Ratings agency Fitch Ratings announced a one-notch upgrade in Thailand's credit rating as of Friday, supported by declining policy risk, stable finances and low public debt.
The upgrade raises the country's long-term foreign currency rating to BBB+ from BBB, with a stable outlook. The short-term foreign currency rating was also upgraded to F2 from F3, while the country ceiling was hiked to A- from BBB+.
Credit ratings are widely used in the financial markets to help price new debt issues, with the sovereign rating used as a benchmark by investors for pricing risk and private company debt.
Fitch said the country's economy has been "resilient to repeated shocks" with average growth of 2.9% between 2008-2012, exceeding the average 2.5% growth posted for A-rated economies. Investment has also accelerated in recent years, and Fitch noted that policy risk under the present government has declined.
"The government, led by Yingluck Shinawatra, has consolidated its position and has faced no serious extra-legal challenges since its election in July 2011," the agency said. Government debt also remains relatively low, with public debt-to-GDP expected to remain below 50% despite a planned increase in infrastructure costs.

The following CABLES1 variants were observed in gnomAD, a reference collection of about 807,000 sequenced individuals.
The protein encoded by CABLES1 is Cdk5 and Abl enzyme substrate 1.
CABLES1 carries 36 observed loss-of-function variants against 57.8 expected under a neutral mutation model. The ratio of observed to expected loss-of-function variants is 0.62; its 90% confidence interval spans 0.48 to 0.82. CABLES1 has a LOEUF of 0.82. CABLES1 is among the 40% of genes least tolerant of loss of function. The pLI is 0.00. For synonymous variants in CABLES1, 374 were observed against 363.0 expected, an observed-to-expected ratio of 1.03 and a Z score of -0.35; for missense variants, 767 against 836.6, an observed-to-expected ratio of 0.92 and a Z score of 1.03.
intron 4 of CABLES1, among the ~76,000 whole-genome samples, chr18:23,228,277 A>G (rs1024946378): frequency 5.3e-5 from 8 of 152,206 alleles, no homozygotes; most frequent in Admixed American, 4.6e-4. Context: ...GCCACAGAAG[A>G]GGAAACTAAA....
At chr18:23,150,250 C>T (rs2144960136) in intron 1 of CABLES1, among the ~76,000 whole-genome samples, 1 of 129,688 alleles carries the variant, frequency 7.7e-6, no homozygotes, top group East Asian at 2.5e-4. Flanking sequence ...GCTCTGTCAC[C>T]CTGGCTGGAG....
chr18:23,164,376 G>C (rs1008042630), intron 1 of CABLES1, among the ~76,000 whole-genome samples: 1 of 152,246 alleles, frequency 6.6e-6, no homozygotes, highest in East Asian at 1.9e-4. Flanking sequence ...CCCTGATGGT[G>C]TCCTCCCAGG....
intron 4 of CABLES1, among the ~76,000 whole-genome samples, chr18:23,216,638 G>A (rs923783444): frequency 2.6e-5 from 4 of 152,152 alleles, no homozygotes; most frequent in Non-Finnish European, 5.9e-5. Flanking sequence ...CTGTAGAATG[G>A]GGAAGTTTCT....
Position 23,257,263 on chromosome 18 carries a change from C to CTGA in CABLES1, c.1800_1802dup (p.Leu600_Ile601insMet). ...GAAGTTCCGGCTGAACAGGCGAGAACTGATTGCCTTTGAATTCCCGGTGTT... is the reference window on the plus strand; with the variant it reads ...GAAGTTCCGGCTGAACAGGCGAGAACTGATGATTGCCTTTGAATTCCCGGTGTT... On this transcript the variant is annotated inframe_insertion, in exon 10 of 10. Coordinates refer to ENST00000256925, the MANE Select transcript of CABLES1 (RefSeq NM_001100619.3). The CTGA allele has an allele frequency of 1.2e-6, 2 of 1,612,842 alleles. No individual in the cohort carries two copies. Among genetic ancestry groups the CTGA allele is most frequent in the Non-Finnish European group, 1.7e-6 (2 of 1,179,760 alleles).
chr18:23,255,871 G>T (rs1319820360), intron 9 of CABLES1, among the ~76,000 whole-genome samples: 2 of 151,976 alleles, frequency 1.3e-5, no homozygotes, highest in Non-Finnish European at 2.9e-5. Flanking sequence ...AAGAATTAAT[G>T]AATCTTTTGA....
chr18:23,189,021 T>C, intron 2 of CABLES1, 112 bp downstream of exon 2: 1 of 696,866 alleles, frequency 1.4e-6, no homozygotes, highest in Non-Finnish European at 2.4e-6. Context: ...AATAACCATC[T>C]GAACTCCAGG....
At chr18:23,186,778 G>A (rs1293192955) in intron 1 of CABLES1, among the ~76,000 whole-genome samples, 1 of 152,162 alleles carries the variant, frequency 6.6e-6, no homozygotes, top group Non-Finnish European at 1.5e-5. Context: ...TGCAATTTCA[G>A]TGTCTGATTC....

"Primary constraints on the ratings are relatively low average income reflecting low productivity and value-added activity, relatively high private sector indebtedness, and diminished but still present social and political tensions," Fitch said.
Economic overheating, a resurgence in social and political tensions or new global economic shocks could also hurt the current rating.